There's an interesting article in this morning's 8/8/2018 issue of the Wall Street Journal titled "The Mets Have Killed The Win".
And of course ... it got me thinking about tennis --- specifically doubles ;-)
Mets pitcher Jacob deGrom is hardly allowing any runs this year. His current ERA is a stingy 1.85.
But his teammates - the offense - just absolutely pathetic. They're not scoring runs for this guy.
DeGrom's current win-loss record is 5-7. With that 1.85 ERA, he should be something like 17-2.
How does this tie in to doubles?
The article made me think of doubles partners and how often we think we need to have one partner as the 'setter' AND the other partner as the big 'hitter'.
You know, one guy to set the table like deGrom has done all season and then the other guy to produce the runs --- put-aways.
One guy is supposed to be steady and one guy is supposed to do the damage.
If you're the so called setter and yet your guy isn't cleaning up your 'setting', you're probably a tad frustrated.
Conversely, if you're known at the club as the 'put-away' guy, and your partner isn't setting you up, you're probably a tad frustrated too ...
Unlike the Mets asking deGrom to be both of those guys --- the setter (low ERA pitcher) AND the put-away guy (go 3 for 4 with 3 RBIs) ...
In doubles you gotta be BOTH.
You don't have to be an All-Star at both, but you can't just specialize in just one area.
When you serve and when you return your job is to set up your partner.
Right? You don't have to be hitting aces all day long to be the setter. Mix up your serves, keep that returner off balance, and you'll be setting the table for your partner.
And if you're the server's partner ... your job is not to also be setting. You can't just place volleys or overheads back into play when your partner is setting you up.
So, you get where I'm going with this ...
Double requires you to be both deGrom and the batting lineup depending on whether you're serving & returning serve OR the partner starting up at net.
From time to time I play doubles with a guy at my club. And he refuses to go after clear put-away opportunities when I set him up, and instead, simply 'keeps the ball in play'.
It drives me slightly batty ;-)
Look, I get it. Everyone's got a different threshold for risking an unforced error.
But to me, if we lose a point, it shouldn't be because we had an opportunity to be the hitter, but instead we go soft, they get the ball back, and we eventually lose the point.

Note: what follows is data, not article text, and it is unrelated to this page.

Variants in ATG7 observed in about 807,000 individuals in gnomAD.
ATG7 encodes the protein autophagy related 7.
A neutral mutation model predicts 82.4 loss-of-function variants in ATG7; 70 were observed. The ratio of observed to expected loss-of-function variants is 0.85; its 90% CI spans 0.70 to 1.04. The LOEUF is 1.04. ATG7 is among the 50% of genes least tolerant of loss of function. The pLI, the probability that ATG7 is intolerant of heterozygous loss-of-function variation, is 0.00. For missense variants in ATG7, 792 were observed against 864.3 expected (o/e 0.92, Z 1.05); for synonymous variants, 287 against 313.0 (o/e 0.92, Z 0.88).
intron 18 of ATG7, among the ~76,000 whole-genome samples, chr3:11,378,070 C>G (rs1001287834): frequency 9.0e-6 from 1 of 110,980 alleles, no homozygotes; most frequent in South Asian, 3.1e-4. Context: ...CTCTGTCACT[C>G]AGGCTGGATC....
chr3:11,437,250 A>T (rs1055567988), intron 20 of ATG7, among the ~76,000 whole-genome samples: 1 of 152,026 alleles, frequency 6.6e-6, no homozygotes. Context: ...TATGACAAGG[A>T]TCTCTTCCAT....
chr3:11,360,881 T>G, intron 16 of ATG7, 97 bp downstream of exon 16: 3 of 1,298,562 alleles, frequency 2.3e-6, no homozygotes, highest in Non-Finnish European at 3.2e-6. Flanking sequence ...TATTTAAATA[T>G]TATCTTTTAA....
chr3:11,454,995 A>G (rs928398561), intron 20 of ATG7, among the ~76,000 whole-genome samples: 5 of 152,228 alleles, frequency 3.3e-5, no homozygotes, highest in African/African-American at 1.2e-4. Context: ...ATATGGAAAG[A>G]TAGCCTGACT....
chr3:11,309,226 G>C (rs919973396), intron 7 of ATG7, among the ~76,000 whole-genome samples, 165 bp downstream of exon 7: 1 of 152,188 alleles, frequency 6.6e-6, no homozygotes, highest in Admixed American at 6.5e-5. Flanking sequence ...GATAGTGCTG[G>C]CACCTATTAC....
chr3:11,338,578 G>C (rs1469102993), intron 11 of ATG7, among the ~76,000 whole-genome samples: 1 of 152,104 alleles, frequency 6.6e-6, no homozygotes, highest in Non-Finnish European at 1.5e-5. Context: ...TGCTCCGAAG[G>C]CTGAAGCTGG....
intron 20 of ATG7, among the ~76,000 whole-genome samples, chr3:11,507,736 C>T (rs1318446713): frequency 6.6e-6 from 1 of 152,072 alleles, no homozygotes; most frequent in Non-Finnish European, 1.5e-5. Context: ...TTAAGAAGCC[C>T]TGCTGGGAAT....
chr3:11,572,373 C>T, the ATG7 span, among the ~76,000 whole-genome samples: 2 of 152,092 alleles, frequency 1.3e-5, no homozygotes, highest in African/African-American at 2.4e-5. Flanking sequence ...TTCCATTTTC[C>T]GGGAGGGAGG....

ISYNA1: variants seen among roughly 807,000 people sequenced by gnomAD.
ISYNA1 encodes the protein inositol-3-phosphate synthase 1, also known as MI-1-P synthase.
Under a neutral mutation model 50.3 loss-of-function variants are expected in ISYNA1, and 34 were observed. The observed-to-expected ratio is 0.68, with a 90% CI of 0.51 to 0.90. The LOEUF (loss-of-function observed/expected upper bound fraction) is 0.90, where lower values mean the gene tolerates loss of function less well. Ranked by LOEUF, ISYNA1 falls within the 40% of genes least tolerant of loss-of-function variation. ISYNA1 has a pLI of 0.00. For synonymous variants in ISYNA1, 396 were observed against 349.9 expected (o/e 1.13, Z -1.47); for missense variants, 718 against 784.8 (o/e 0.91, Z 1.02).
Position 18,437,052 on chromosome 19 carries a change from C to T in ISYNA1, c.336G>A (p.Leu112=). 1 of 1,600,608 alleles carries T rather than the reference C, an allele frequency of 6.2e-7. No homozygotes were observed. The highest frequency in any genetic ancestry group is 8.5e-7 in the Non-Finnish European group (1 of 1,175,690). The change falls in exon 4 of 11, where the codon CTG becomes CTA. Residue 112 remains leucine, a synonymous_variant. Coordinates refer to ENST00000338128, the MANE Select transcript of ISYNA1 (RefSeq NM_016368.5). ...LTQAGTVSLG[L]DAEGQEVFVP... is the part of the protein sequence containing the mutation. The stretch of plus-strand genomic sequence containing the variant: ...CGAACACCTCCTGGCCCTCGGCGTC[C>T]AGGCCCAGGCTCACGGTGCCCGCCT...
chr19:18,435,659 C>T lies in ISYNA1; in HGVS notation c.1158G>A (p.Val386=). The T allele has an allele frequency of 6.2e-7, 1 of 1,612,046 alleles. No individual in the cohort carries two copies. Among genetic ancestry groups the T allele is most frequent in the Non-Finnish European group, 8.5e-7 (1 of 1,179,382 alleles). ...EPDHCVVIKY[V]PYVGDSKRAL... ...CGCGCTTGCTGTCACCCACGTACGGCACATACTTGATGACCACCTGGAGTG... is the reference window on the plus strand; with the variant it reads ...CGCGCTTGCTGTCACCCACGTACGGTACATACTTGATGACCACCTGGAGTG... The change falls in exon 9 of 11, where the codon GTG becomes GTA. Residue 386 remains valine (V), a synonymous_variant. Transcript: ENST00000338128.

Man. If we lose the point, I'd rather go for it with that opportunity and miss ... hard.
If you're the 'hitter' and you're missing lots of 1st serves because you're going for aces AND you're trying to hit outright winners when you're returning serve ... stop!
You're not the designated hitter in those situations.
Be the setter for that moment.
And if you're starting the point at net and your partner is setting you up AND you're getting lots of juicy opportunities ... come on, do some damage ;-)
If I've set up my partner and they give that sitter a good ride AND miss, I'm always getting to that partner right away and saying 'no sweat, good swing. Next time'.
I don't ever want my partner worried about missing, because you know what, we all do from time to time ...
So dude, you gotta be both deGrom and the hitters ;-))
What's on your mind?
Come on now ... get out THERE wherever you are and help someone else have a great day ;-)
P.S. - if your topspin serve isn't 'setting up' your partner in doubles, then you're turning that returner from a setter into a hitter
I've got a complimentary topspin serve mini course that will show you how to get power and spin for control so that you can get that high bounce that will set up your doubles partner.
And once you're making your partners you look like a million bucks out there ... yeah, your cell phone is going to be ringing off the hook
Here's where you can get comp access to my topspin serve mini course -http://WebTennis.com